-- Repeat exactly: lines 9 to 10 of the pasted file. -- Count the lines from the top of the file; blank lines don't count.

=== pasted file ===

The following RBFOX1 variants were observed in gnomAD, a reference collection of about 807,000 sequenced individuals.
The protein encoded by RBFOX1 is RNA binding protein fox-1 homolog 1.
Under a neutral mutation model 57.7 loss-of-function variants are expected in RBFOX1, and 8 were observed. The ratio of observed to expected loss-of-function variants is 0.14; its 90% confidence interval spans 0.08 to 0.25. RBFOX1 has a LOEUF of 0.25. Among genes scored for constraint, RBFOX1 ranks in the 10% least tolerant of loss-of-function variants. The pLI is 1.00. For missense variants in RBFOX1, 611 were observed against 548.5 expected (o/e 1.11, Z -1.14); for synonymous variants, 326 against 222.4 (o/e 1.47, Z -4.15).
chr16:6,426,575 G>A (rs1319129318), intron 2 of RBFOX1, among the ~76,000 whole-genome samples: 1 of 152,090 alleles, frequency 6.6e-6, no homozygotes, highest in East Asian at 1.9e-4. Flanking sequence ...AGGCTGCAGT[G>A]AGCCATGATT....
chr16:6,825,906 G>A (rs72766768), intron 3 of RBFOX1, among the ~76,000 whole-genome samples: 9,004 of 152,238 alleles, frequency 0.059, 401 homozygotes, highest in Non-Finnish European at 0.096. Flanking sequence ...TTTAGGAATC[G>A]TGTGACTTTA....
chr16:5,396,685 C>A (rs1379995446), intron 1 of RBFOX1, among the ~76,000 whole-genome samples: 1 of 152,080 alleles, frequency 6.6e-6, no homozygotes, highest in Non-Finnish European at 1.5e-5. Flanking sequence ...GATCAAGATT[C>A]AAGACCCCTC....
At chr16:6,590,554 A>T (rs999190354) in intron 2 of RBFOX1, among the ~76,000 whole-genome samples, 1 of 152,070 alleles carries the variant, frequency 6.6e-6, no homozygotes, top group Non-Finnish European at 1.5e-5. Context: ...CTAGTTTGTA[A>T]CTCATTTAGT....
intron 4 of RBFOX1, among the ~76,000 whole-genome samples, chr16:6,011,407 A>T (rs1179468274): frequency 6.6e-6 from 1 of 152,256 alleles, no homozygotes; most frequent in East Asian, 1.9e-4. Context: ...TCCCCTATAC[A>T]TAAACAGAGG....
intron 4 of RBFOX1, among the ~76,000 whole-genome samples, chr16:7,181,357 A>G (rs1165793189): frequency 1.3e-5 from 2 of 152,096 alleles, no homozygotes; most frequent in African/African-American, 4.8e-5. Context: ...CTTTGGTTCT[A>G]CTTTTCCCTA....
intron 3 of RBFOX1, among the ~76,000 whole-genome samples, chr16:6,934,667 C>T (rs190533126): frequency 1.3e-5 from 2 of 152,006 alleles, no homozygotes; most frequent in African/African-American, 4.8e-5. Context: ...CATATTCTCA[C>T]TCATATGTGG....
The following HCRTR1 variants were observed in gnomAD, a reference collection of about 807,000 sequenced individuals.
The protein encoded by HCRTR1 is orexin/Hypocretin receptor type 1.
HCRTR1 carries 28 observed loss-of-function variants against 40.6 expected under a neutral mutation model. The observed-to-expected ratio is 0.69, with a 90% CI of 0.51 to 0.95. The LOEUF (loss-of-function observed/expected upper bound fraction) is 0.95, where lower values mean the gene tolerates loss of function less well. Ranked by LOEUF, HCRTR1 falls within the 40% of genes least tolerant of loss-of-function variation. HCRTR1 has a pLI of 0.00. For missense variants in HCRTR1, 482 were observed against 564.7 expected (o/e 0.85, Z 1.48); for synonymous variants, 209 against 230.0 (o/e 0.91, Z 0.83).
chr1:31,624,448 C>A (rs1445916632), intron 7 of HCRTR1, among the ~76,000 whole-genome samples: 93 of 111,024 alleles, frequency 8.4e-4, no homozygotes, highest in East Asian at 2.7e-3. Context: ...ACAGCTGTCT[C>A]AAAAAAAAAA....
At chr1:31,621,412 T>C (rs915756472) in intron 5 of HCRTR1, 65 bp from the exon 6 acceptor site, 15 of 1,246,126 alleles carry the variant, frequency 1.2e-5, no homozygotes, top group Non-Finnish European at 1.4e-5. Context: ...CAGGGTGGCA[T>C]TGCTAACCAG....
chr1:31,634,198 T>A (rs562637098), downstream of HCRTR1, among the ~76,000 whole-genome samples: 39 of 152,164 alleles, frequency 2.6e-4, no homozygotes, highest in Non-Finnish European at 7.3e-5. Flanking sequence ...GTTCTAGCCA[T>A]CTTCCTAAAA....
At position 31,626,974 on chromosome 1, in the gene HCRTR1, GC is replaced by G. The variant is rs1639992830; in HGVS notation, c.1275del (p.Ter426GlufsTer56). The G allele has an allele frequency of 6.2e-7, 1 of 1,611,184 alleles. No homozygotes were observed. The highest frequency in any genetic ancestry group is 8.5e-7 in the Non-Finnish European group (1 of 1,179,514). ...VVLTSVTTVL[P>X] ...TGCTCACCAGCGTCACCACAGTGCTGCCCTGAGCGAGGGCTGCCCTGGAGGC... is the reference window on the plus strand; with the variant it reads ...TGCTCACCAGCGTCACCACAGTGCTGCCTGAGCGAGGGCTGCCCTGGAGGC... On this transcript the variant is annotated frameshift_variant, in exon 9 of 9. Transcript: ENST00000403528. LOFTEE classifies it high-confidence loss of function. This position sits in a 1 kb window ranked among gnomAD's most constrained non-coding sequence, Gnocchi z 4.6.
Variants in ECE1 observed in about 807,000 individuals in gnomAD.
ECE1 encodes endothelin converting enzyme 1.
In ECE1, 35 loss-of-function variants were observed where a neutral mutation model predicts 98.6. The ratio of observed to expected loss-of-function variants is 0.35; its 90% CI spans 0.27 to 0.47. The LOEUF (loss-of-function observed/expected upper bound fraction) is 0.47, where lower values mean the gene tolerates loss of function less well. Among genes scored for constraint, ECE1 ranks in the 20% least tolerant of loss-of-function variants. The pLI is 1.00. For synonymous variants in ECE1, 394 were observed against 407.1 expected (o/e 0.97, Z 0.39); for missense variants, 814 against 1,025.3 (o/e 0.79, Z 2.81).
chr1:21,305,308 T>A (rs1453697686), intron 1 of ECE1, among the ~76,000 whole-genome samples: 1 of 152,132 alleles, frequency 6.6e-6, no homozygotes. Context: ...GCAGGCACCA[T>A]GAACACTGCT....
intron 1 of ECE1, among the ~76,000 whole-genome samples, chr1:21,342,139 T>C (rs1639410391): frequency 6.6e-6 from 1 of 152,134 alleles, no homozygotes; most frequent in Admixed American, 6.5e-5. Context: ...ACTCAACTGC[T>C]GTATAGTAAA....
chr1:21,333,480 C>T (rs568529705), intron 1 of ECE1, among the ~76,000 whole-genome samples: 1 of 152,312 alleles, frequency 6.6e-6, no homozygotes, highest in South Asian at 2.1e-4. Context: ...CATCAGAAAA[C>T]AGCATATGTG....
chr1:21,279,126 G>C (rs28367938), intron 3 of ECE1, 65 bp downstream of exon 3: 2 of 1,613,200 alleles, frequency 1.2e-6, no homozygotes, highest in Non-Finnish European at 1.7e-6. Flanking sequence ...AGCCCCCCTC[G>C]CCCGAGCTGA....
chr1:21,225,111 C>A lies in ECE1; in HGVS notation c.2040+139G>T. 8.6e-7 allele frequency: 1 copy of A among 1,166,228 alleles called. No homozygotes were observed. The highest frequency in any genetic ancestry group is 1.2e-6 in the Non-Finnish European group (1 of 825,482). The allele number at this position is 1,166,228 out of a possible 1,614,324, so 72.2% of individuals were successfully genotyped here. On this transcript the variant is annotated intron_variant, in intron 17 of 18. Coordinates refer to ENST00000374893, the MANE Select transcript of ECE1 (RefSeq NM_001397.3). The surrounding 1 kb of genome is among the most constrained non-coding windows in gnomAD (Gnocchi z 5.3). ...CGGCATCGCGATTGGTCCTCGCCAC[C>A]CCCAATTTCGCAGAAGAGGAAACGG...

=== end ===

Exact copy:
intron 4 of RBFOX1, among the ~76,000 whole-genome samples, chr16:7,181,357 A>G (rs1165793189): frequency 1.3e-5 from 2 of 152,096 alleles, no homozygotes; most frequent in African/African-American, 4.8e-5. Context: ...CTTTGGTTCT[A>G]CTTTTCCCTA....
intron 3 of RBFOX1, among the ~76,000 whole-genome samples, chr16:6,934,667 C>T (rs190533126): frequency 1.3e-5 from 2 of 152,006 alleles, no homozygotes; most frequent in African/African-American, 4.8e-5. Context: ...CATATTCTCA[C>T]TCATATGTGG....